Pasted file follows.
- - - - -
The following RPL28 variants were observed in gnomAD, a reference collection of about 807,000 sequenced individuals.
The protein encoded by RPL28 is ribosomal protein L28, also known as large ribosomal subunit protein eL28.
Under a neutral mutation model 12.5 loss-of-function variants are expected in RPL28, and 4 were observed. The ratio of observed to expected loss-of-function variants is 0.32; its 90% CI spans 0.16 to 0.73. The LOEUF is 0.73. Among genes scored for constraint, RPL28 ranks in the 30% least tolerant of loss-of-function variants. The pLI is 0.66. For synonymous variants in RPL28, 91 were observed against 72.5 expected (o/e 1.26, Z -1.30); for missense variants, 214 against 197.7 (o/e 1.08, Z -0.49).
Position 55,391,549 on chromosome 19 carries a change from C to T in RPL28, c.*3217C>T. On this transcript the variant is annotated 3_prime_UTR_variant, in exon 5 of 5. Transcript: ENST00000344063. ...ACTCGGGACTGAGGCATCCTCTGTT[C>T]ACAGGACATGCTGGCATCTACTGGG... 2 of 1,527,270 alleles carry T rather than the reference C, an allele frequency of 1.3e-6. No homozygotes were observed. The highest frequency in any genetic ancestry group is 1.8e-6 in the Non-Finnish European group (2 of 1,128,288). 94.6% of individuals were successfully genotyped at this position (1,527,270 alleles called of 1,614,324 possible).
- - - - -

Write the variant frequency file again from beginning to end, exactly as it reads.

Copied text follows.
The following RPL28 variants were observed in gnomAD, a reference collection of about 807,000 sequenced individuals.
The protein encoded by RPL28 is ribosomal protein L28, also known as large ribosomal subunit protein eL28.
Under a neutral mutation model 12.5 loss-of-function variants are expected in RPL28, and 4 were observed. The ratio of observed to expected loss-of-function variants is 0.32; its 90% CI spans 0.16 to 0.73. The LOEUF is 0.73. Among genes scored for constraint, RPL28 ranks in the 30% least tolerant of loss-of-function variants. The pLI is 0.66. For synonymous variants in RPL28, 91 were observed against 72.5 expected (o/e 1.26, Z -1.30); for missense variants, 214 against 197.7 (o/e 1.08, Z -0.49).
Position 55,391,549 on chromosome 19 carries a change from C to T in RPL28, c.*3217C>T. On this transcript the variant is annotated 3_prime_UTR_variant, in exon 5 of 5. Transcript: ENST00000344063. ...ACTCGGGACTGAGGCATCCTCTGTT[C>T]ACAGGACATGCTGGCATCTACTGGG... 2 of 1,527,270 alleles carry T rather than the reference C, an allele frequency of 1.3e-6. No homozygotes were observed. The highest frequency in any genetic ancestry group is 1.8e-6 in the Non-Finnish European group (2 of 1,128,288). 94.6% of individuals were successfully genotyped at this position (1,527,270 alleles called of 1,614,324 possible).